Doctrine and practice
It is both Protestant and Catholic. For this reason it is incorrect to refer to members of the Church of Ireland as ‘non–Catholic’.
The terms Protestant and Catholic are not really opposites.
There are Catholics who accept the universal jurisdiction of the Pope, the Bishop of Rome. Often in consequence they are called Roman Catholics. But there are other Catholics who do not accept the Pope’s jurisdiction or certain doctrines of the Roman Catholic Church. Some are called Protestant or Reformed Catholics. Among them are members of the Church of Ireland and the other Churches of the Anglican Communion.
It follows therefore that the terms ‘Protestant’ and ‘Reformed’ should be contrasted with ‘Roman’ and not with ‘Catholic’.
The Church of Ireland is Catholic because it is in possession of a continuous tradition of faith and practice, based on Scripture and early traditions, enshrined in the Catholic Creeds, together with the sacraments and apostolic ministry.
The Church of Ireland is Protestant, or Reformed, because it affirms ‘its constant witness against all those innovations in doctrine and worship, whereby the Primitive Faith hath been from time to time defaced or overlaid
Churches which resulted from the sixteenth century Reformation, and from the subsequent divisions in these churches, although varying in their beliefs and practices, and not always in any official relationship with each other, are generally known as Protestant Churches.
The Church of Ireland is a Protestant Church in so far as it shares with these churches opposition to those innovations in doctrine and worship that appear contrary to Scripture and led to the Reformation.
However it differs from these churches in retaining elements of the pre–Reformation faith and practice which they have rejected or lost.
The Church of Ireland maintains a liturgical pattern of worship, observing the feasts and fasts of the Catholic liturgical year. It remembers the Blessed Virgin Mary and the Saints on special days. It retains many of the rites and ceremonies of the pre–Reformation Catholic Church.
The Church of Ireland has within its fellowship religious orders of men and women, under the traditional threefold vows of poverty, chastity and obedience.
The Church of Ireland emphasises the importance of the Sacraments. It administers the two Gospel Sacraments of Baptism and Eucharist, as well as the sacramental ministries of confirmation, ordination, holy matrimony, absolution and healing. (Church of Ireland Revised Catechism)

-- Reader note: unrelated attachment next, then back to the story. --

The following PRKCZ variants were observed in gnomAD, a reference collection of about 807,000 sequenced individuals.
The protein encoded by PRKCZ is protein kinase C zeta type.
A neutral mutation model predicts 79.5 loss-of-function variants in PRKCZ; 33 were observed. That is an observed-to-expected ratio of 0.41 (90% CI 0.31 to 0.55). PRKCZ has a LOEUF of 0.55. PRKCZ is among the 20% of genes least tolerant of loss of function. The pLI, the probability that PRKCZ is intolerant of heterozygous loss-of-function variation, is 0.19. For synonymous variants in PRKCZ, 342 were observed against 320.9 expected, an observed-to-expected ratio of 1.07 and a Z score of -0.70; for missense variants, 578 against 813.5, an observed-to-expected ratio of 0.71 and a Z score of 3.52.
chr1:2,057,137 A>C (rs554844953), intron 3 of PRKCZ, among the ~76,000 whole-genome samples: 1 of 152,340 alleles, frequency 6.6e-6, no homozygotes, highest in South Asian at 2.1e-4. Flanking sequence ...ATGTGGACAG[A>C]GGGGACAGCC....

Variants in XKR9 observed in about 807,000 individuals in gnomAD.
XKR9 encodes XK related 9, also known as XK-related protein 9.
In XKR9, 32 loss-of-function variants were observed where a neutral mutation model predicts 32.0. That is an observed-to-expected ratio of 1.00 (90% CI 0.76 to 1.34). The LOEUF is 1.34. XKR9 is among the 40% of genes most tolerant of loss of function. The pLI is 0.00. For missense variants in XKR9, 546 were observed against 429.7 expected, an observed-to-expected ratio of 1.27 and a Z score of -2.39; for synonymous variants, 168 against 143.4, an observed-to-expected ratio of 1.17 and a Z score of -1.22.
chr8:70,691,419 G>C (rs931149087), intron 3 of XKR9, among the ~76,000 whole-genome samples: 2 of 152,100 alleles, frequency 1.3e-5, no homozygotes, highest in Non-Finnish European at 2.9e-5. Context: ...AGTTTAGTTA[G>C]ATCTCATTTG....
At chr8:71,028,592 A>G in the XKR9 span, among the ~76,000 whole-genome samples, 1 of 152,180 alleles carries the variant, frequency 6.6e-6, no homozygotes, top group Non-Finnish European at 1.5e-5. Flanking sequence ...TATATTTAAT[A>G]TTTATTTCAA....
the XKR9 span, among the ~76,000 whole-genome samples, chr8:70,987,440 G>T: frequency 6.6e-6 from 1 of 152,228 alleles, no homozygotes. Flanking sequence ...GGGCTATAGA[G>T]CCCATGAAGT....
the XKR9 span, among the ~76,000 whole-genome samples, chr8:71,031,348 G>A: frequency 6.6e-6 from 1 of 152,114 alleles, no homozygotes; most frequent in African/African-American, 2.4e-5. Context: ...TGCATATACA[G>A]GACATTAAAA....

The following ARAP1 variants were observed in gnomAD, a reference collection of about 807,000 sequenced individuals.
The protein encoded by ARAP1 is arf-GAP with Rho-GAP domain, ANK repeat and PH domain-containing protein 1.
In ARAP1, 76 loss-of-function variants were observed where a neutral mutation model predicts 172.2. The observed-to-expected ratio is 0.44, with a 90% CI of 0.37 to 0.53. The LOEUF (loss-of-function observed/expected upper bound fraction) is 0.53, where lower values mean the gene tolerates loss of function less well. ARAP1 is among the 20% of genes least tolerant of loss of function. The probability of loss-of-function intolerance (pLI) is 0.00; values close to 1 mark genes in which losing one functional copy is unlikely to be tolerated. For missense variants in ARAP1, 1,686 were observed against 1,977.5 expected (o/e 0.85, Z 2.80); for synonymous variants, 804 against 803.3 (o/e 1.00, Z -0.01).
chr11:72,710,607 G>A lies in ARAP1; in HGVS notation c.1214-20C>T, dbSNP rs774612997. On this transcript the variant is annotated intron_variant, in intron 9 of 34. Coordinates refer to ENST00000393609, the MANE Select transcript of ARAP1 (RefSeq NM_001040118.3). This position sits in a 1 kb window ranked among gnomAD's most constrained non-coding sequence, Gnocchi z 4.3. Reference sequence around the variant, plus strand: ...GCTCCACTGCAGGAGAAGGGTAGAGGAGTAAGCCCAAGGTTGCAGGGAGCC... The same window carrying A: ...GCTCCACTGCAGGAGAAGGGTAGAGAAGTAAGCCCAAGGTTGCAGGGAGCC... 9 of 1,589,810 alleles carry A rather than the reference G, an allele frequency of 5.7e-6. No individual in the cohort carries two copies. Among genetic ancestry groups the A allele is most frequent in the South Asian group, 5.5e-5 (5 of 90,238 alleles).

The Church of Ireland has retained the structure of the pre–Reformation Catholic Church and is no stranger to words like parish, bishop, diocese, priest, sanctuary, confirmation, eucharist, synod and to all for which they stand.
As a result [of events which are commonly referred to as the Reformation] many communions, national and confessional, were separated from the Roman See. Among those in which Catholic traditions and institutions continue to exist the Anglican Communion occupies a special place. Vatican II, Decree on Ecumenism, III, 13.
The chief difference is that one Church is under the jurisdiction of the Pope and the other is not. This results in certain importance differences of belief and practice. However, it should be noted that the beliefs and practices held in common greatly outweigh those that separate the two Churches.
The Roman Catholic Church teaches that the Pope has, by divine right, jurisdiction over the universal Church, and that in certain circumstances his utterances are infallible. The Church of Ireland does not accept either of these teachings, and resists the claim of the Pope to rule over and speak for the universal Church.
Furthermore the Roman Catholic Church teaches that belief in the Immaculate Conception of the Blessed Virgin Mary, and in her Corporal assumption, are necessary for salvation. These beliefs had for a long time been widespread in Catholic Christendom, but were regarded with varying degrees of certainty. However, within the last hundred and fifty years, the Roman catholic Church has pronounced them to be necessary for salvation.
The Church of Ireland teaches that neither Holy Scripture, nor the understanding of the Scriptures by the early Fathers of the Church, support these doctrines.
The Church of Ireland, as a Reformed and Protestant Church, doth hereby re–affirm its constant witness against all those innovations in doctrine and worship whereby the Primitive faith hath been from time to time defaced or overlaid, and which at the Reformation this Church did disown and reject